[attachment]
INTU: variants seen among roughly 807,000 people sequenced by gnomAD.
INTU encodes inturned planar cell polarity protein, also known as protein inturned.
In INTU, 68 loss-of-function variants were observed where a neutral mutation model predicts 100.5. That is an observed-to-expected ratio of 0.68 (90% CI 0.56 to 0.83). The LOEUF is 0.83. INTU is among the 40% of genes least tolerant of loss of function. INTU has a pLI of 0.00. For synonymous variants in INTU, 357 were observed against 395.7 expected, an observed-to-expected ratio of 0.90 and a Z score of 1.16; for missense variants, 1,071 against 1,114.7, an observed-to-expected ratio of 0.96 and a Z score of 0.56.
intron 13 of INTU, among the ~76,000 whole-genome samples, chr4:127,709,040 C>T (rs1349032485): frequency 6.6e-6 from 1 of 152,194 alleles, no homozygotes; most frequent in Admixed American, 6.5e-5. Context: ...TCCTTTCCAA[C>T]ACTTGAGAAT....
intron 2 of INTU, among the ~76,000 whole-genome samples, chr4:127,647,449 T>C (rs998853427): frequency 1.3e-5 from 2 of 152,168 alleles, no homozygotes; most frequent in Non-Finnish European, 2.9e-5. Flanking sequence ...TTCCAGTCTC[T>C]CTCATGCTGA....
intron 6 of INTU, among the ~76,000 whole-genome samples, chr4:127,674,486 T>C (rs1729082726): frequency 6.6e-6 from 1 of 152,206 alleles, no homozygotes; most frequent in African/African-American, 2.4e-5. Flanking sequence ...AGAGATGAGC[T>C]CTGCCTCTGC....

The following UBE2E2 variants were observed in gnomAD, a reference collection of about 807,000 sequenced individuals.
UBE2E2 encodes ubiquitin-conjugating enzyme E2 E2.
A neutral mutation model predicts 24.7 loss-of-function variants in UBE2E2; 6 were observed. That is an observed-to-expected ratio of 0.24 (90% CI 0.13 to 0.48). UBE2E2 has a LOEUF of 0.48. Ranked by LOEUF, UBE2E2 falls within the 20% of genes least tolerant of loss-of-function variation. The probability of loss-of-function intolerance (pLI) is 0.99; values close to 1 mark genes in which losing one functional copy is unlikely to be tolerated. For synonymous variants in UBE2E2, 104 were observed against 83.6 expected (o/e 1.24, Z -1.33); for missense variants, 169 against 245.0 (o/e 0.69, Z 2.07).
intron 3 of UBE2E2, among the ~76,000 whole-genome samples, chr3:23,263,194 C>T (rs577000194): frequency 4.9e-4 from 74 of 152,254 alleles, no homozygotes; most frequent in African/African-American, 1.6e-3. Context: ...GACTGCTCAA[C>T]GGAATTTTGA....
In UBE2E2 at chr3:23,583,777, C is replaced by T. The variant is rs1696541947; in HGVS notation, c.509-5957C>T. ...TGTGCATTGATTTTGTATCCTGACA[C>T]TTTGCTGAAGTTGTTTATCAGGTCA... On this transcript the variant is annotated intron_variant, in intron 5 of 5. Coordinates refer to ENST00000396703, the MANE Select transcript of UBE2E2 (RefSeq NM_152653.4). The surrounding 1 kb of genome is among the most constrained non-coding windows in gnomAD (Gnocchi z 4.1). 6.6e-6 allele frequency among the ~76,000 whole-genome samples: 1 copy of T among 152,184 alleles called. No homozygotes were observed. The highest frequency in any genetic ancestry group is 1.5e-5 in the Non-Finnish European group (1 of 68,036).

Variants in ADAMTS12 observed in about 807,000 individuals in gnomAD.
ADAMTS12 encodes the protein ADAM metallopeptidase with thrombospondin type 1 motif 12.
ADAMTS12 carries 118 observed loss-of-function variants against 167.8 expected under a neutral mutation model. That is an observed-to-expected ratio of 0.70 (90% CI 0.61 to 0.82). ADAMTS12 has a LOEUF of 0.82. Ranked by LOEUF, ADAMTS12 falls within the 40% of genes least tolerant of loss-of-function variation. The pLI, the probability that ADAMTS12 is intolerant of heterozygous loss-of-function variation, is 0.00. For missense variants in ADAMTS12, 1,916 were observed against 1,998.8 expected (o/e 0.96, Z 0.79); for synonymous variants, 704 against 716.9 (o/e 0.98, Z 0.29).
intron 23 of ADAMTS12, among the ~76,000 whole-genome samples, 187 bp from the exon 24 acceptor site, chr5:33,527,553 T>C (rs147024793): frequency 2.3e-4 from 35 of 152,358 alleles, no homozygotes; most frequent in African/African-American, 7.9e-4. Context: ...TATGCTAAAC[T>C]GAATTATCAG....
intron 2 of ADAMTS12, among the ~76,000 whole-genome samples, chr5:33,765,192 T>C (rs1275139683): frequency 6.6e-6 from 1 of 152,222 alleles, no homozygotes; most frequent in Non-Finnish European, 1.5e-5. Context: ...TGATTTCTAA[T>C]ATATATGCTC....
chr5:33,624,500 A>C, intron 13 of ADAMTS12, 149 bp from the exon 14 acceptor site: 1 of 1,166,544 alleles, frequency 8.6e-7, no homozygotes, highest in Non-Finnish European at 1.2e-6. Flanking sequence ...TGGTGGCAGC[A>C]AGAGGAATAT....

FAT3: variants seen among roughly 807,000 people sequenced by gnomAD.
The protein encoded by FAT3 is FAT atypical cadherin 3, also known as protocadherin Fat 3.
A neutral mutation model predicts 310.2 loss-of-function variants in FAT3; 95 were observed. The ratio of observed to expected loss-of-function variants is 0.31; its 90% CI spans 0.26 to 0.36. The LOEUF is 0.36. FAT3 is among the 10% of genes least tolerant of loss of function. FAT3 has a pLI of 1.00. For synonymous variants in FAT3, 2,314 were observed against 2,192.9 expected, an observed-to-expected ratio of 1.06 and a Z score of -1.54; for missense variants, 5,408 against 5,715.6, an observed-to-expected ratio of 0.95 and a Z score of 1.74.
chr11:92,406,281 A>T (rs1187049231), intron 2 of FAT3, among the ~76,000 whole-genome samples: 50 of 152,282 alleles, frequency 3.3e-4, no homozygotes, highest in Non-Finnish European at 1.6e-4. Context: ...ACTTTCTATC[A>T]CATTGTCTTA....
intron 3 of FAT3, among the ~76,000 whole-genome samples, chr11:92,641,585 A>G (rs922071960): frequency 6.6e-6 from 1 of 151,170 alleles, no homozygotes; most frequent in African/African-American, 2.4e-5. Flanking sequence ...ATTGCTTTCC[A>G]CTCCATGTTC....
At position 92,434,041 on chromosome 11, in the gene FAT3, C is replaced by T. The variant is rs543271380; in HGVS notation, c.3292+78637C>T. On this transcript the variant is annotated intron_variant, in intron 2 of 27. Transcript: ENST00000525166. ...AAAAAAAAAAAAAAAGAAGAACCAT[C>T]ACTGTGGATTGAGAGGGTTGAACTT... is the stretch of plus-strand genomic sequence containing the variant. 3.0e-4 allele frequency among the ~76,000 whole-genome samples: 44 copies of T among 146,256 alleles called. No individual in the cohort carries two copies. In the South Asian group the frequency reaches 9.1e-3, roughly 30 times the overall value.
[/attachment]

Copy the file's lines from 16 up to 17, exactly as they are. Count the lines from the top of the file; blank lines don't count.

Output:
intron 2 of ADAMTS12, among the ~76,000 whole-genome samples, chr5:33,765,192 T>C (rs1275139683): frequency 6.6e-6 from 1 of 152,222 alleles, no homozygotes; most frequent in Non-Finnish European, 1.5e-5. Context: ...TGATTTCTAA[T>C]ATATATGCTC....
chr5:33,624,500 A>C, intron 13 of ADAMTS12, 149 bp from the exon 14 acceptor site: 1 of 1,166,544 alleles, frequency 8.6e-7, no homozygotes, highest in Non-Finnish European at 1.2e-6. Flanking sequence ...TGGTGGCAGC[A>C]AGAGGAATAT....